Testicular Cancer

Side effects of radiotherapy

Radiotherapy is sometimes used to treat testicular cancer (see 'Radiotherapy'). A few men experience very mild or no side effects of radiotherapy, and were able to continue their normal activities and work throughout their treatment (see 'Work'). 

Some men simply felt a bit tired. For example, one man interviewed here, never felt sick, and cycled 20 miles each way for his radiotherapy, refusing the offer of transport.

Most men, however, experienced more severe side effects, especially near to the end of the radiotherapy, and sometimes for a while afterwards. Many felt extremely tired, and some felt irritable and bad-tempered.

Some men felt nauseous, lost their appetite, lost their sense of taste, had diarrhoea, suffered heartburn, or were actually sick after each treatment. One man, treated in 1987, was violently sick after his first treatment. He complained that no one had warned him that this might happen.

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Another man recalled that he has been horribly sick after the first treatment. When he told the radiotherapists what had happened they told him that he shouldn't have eaten a big meal before his treatment. He was sick again the next day, even though he hadn't eaten anything. Tablets given to him by the staff didn't help. Other anti-sickness tablets prescribed by the GP helped a bit, but he still felt disorientated, as though he had sunstroke. Eventually the consultant prescribed some 'very strong' tablets, which, the consultant told him, cost £19 a tablet. These tablets 'worked' very well. (Today, at many hospitals, these strong anti-sickness pills are given to men routinely).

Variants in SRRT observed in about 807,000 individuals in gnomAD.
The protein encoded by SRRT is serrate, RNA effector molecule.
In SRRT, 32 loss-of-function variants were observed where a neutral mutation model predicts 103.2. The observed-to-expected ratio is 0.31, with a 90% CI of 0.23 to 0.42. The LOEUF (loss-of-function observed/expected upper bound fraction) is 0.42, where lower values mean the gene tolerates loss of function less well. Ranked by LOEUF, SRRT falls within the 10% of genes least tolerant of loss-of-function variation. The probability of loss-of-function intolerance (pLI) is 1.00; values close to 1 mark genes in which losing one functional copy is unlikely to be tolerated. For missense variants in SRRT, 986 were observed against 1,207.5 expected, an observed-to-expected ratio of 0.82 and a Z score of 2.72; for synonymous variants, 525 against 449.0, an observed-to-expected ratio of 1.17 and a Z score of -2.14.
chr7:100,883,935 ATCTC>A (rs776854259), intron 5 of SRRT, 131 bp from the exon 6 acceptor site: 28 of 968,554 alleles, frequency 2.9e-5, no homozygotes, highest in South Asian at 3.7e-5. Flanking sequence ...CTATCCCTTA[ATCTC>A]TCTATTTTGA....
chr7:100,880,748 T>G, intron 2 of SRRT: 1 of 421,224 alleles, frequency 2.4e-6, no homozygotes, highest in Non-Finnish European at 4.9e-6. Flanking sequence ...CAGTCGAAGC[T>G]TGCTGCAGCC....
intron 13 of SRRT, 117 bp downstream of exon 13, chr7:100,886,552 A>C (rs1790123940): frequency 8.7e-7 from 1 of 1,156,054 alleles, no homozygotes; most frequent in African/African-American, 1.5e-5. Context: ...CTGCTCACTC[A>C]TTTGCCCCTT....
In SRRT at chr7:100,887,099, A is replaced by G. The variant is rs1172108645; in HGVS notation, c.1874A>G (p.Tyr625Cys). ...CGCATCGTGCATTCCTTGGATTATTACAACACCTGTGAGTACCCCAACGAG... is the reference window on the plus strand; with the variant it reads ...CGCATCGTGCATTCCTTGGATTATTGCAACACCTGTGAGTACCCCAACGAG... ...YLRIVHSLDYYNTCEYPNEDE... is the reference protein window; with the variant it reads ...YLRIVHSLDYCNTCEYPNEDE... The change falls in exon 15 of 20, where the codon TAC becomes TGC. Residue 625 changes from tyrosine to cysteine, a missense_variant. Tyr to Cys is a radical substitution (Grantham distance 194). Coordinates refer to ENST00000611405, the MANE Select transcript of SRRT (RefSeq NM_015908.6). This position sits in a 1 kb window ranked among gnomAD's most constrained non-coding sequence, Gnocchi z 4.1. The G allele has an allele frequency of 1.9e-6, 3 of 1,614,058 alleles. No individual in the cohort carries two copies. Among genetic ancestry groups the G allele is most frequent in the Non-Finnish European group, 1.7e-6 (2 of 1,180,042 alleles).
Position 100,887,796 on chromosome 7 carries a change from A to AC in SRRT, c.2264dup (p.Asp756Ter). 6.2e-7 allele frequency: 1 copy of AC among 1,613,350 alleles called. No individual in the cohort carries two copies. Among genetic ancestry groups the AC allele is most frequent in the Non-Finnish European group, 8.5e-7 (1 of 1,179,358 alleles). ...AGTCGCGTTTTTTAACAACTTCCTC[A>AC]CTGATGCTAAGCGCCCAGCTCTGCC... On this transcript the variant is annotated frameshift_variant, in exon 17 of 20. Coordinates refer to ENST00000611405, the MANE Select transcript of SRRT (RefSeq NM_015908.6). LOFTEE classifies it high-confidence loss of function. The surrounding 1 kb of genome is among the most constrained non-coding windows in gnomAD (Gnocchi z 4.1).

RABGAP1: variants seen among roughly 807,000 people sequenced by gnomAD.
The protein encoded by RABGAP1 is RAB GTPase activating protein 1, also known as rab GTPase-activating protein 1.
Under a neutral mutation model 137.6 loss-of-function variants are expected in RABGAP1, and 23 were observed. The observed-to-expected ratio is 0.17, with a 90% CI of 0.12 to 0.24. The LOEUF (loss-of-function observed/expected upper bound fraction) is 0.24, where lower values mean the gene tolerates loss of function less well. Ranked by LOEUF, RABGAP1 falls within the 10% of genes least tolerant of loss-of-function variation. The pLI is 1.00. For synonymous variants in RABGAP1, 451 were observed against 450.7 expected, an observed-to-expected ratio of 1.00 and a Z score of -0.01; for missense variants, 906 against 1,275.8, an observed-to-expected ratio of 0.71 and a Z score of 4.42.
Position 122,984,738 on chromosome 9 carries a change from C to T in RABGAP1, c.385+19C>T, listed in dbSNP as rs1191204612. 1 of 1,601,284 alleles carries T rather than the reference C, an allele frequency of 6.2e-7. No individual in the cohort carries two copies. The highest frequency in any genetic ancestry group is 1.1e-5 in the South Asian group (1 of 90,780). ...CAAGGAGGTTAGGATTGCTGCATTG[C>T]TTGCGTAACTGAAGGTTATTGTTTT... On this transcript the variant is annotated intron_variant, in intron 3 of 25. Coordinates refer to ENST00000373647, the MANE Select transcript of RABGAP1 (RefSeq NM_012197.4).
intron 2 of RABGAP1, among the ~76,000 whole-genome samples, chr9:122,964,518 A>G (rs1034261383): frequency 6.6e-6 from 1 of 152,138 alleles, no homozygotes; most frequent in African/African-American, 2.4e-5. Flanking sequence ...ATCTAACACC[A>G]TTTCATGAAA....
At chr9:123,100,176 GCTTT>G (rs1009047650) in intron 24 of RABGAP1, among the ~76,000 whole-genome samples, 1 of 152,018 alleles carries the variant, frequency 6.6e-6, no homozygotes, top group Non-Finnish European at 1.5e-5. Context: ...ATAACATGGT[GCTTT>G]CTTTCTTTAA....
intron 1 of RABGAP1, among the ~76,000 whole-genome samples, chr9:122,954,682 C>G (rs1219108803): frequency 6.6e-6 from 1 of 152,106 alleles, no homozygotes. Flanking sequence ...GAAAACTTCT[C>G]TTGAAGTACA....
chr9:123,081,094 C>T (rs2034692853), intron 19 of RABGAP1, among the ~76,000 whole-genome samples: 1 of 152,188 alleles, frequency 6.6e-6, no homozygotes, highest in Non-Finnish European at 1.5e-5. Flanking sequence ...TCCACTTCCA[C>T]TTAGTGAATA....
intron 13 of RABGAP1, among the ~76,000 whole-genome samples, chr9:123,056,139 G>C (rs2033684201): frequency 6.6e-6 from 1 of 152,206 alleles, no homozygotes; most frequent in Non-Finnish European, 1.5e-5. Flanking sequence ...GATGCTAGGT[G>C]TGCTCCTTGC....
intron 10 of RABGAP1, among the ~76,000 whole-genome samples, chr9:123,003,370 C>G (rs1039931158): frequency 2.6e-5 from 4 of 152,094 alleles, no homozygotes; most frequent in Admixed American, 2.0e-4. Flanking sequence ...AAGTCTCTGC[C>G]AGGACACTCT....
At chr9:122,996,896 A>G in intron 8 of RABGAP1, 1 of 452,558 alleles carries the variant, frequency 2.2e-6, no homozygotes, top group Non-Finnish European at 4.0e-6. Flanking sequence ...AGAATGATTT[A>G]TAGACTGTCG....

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This man also suffered severe indigestion, even after the treatment had finished (about 5% of men get indigestion after radiotherapy). He partially solved this problem by eating very small amounts of food whenever he was hungry. Another man remembered that while having radiotherapy he could only eat bland food, like rice, and had to avoid spicy food.

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One man suggested that symptoms were similar to those he suffered with irritable bowel syndrome. 

Feelings of nausea, and other side effects, sometimes made men feel quite miserable, and one suggested that he had almost succumbed to clinical depression (note that some patients may feel depressed because of the diagnosis itself, rather than the radiotherapy).

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Men may temporarily lose some hair within the treatment area. One man recalled that he had lost hair from his back and his stomach as the result of radiotherapy.

A few men said that they suffered some skin sensitivity. A man treated in 1967 suffered skin burns after experimental, high doses of radiotherapy, and a man treated more recently, who had 20 treatments, said that he received an oblong burn mark on his back, which disappeared after a few months. (Note that in the 1960's and 1970's the doses of radiotherapy were higher than they are today, and today men usually have 10 treatments rather than 20.)

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One man recalled that he had been told not to sunbathe. Another man mentioned that he didn't like the tattoo marks that had been left on his skin (see 'Radiotherapy').

Occasionally, radiotherapy can cause more serious side effects. One man thought that his treatment had caused adhesions, and that his large intestine had been 'welded' to his stomach. Another suffered a bowel obstruction due to the radiotherapy, and had to have a temporary ileostomy. However, he was treated in 1973, when doses of radiotherapy were much higher than they are today. An ileostomy is a surgical procedure in which the ileum (part of the small bowel) is brought out onto the abdomen so that the bowel movements can be collected in a bag worn over the opening or stoma.

Last reviewed December 2014.

 

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